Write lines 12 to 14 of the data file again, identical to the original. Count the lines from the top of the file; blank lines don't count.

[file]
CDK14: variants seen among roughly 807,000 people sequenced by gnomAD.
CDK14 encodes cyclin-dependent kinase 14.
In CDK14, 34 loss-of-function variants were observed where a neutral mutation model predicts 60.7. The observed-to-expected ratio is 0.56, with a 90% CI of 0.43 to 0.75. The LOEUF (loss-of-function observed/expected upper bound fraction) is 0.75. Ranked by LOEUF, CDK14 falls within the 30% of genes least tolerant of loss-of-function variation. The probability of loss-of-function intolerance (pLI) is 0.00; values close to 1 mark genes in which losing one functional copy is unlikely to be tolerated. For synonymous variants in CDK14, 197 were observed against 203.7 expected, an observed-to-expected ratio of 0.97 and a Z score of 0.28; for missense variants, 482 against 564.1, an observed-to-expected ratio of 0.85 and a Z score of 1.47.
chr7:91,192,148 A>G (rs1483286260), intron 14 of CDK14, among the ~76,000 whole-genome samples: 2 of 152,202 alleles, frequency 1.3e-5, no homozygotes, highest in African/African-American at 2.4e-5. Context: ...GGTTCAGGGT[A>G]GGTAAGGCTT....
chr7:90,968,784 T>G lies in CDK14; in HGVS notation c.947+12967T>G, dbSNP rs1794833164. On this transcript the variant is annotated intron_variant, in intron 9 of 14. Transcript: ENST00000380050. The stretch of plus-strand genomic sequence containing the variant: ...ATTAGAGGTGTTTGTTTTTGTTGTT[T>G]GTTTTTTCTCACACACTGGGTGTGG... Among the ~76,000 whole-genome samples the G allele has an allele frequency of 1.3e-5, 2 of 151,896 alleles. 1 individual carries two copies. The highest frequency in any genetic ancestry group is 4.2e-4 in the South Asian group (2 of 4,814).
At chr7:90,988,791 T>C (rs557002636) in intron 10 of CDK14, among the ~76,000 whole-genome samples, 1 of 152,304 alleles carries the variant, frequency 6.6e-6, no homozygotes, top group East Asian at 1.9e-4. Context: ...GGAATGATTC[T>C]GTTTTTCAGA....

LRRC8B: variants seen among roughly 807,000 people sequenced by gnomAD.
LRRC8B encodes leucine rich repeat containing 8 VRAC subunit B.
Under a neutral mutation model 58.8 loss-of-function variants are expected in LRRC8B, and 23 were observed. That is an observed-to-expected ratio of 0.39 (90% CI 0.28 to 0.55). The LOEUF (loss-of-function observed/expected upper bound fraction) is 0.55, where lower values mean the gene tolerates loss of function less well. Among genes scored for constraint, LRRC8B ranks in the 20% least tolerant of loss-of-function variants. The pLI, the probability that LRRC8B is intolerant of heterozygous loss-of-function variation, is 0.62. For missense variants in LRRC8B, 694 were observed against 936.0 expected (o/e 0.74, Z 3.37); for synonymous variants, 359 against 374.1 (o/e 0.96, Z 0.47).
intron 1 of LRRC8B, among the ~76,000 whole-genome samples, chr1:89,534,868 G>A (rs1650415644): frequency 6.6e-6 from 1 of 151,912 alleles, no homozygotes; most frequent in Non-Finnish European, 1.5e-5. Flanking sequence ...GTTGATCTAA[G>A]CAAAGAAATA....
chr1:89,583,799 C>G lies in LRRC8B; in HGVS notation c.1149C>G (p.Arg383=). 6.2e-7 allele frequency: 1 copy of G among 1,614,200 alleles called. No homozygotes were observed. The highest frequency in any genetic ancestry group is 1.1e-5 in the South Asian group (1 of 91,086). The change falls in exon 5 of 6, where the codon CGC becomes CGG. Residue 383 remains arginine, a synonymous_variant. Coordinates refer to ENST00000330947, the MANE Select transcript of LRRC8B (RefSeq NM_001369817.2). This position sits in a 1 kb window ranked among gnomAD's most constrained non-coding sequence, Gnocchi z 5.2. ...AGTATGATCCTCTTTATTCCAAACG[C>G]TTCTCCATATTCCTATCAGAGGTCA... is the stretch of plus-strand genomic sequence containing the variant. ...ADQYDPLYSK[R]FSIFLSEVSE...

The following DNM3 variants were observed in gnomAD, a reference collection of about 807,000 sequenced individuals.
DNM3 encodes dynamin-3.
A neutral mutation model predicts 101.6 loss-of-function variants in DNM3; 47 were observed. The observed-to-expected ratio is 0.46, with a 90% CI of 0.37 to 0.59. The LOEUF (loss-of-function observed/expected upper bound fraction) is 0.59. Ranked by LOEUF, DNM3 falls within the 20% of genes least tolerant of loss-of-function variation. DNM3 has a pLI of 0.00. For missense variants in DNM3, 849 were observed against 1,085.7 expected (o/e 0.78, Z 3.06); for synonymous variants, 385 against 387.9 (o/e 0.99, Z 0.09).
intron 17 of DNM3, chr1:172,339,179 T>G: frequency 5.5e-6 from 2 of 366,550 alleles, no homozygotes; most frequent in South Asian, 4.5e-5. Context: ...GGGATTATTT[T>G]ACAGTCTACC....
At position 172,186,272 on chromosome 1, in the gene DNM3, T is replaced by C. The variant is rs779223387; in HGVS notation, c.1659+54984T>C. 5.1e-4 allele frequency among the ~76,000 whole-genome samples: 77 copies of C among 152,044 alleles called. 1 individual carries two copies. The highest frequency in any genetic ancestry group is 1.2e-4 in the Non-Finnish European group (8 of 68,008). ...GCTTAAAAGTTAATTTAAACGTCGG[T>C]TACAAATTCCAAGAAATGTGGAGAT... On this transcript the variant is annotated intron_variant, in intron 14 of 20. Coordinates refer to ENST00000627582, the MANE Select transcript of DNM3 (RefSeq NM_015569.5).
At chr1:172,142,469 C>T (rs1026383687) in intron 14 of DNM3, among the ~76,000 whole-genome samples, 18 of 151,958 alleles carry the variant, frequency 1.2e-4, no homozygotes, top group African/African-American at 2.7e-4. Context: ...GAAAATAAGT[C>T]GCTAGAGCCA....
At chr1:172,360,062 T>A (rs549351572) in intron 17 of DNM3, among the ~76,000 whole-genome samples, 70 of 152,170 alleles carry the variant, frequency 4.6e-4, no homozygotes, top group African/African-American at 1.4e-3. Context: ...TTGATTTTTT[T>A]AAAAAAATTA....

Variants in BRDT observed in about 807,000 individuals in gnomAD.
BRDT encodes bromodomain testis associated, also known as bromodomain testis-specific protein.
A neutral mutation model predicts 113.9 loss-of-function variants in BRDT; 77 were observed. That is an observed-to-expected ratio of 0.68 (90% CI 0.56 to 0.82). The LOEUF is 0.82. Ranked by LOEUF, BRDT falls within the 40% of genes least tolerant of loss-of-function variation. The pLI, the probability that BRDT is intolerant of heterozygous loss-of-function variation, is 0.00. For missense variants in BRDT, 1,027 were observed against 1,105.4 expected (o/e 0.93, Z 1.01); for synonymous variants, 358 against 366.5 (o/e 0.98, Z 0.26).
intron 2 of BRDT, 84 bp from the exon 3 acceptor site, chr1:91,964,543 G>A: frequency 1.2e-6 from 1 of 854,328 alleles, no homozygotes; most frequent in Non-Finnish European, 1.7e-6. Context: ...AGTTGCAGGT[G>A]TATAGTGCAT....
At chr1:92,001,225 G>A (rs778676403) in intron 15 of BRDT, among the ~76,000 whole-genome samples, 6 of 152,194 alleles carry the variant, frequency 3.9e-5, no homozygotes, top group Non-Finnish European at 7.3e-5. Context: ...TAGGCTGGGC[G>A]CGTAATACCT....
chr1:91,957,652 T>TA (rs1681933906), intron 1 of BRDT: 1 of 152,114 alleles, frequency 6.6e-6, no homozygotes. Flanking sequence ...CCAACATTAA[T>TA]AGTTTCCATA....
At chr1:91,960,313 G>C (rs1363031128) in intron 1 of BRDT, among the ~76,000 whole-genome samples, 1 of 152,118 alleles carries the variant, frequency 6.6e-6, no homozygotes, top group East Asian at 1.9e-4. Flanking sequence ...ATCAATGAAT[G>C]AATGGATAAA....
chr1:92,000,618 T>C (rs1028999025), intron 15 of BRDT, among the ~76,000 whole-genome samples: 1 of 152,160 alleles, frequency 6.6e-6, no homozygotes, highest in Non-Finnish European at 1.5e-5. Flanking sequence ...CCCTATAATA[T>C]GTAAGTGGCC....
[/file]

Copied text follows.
The following DNM3 variants were observed in gnomAD, a reference collection of about 807,000 sequenced individuals.
DNM3 encodes dynamin-3.
A neutral mutation model predicts 101.6 loss-of-function variants in DNM3; 47 were observed. The observed-to-expected ratio is 0.46, with a 90% CI of 0.37 to 0.59. The LOEUF (loss-of-function observed/expected upper bound fraction) is 0.59. Ranked by LOEUF, DNM3 falls within the 20% of genes least tolerant of loss-of-function variation. DNM3 has a pLI of 0.00. For missense variants in DNM3, 849 were observed against 1,085.7 expected (o/e 0.78, Z 3.06); for synonymous variants, 385 against 387.9 (o/e 0.99, Z 0.09).